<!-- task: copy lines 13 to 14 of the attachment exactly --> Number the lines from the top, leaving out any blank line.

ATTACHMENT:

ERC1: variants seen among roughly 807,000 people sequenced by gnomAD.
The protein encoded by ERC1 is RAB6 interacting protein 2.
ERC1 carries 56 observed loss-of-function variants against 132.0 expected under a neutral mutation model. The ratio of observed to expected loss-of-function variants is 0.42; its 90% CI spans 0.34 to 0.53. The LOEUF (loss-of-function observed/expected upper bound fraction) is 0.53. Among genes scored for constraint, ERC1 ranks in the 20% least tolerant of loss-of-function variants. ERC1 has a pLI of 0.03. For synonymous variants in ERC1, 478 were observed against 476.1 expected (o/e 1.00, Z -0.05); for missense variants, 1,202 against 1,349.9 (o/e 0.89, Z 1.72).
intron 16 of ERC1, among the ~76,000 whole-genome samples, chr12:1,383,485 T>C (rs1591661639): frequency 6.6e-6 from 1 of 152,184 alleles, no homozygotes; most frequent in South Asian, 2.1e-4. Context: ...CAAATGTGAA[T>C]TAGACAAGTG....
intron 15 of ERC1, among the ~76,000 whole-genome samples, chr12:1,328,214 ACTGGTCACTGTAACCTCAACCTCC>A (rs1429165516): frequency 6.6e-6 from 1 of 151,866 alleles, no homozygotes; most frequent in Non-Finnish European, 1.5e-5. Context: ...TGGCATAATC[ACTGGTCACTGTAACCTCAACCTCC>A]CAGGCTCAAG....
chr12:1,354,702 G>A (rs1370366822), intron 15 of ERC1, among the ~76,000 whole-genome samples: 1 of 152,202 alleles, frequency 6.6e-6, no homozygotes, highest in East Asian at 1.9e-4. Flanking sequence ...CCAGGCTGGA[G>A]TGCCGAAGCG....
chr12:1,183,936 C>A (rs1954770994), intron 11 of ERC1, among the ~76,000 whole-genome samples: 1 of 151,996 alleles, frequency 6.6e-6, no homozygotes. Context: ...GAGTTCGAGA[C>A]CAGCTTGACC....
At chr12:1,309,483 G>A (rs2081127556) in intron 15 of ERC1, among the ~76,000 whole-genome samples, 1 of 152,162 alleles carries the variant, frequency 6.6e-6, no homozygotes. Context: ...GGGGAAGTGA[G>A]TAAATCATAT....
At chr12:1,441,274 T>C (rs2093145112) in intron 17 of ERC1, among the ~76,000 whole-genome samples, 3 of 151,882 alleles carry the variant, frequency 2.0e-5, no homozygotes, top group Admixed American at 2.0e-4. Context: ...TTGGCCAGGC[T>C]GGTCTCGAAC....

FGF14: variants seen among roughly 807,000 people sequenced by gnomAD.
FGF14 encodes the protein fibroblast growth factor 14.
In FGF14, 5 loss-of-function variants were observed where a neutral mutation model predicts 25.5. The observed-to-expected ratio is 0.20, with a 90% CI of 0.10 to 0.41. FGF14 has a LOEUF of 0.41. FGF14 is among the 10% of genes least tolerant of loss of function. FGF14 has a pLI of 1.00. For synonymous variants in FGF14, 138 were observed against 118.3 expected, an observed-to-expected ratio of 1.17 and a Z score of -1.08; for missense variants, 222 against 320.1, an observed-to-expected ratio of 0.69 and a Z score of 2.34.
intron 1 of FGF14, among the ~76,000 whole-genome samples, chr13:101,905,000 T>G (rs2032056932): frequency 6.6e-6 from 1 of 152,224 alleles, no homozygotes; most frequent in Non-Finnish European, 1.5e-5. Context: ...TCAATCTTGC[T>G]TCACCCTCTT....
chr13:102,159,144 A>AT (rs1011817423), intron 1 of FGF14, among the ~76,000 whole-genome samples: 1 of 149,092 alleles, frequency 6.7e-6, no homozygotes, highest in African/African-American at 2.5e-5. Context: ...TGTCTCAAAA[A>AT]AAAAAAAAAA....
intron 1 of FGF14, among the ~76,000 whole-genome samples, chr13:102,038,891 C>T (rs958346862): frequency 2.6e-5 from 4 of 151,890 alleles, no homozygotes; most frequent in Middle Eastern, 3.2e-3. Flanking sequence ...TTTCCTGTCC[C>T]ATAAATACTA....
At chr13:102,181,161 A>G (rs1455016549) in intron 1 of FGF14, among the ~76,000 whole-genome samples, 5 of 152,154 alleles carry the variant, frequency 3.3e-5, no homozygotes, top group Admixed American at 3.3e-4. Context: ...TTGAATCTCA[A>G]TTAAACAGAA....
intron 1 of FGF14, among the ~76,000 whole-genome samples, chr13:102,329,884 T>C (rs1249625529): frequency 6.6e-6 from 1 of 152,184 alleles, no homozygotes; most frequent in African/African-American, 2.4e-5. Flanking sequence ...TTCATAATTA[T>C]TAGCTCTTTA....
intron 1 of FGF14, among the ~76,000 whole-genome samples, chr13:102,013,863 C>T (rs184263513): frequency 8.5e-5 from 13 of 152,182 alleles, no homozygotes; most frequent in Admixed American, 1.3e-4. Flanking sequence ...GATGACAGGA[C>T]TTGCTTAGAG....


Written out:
intron 1 of FGF14, among the ~76,000 whole-genome samples, chr13:101,905,000 T>G (rs2032056932): frequency 6.6e-6 from 1 of 152,224 alleles, no homozygotes; most frequent in Non-Finnish European, 1.5e-5. Context: ...TCAATCTTGC[T>G]TCACCCTCTT....
chr13:102,159,144 A>AT (rs1011817423), intron 1 of FGF14, among the ~76,000 whole-genome samples: 1 of 149,092 alleles, frequency 6.7e-6, no homozygotes, highest in African/African-American at 2.5e-5. Context: ...TGTCTCAAAA[A>AT]AAAAAAAAAA....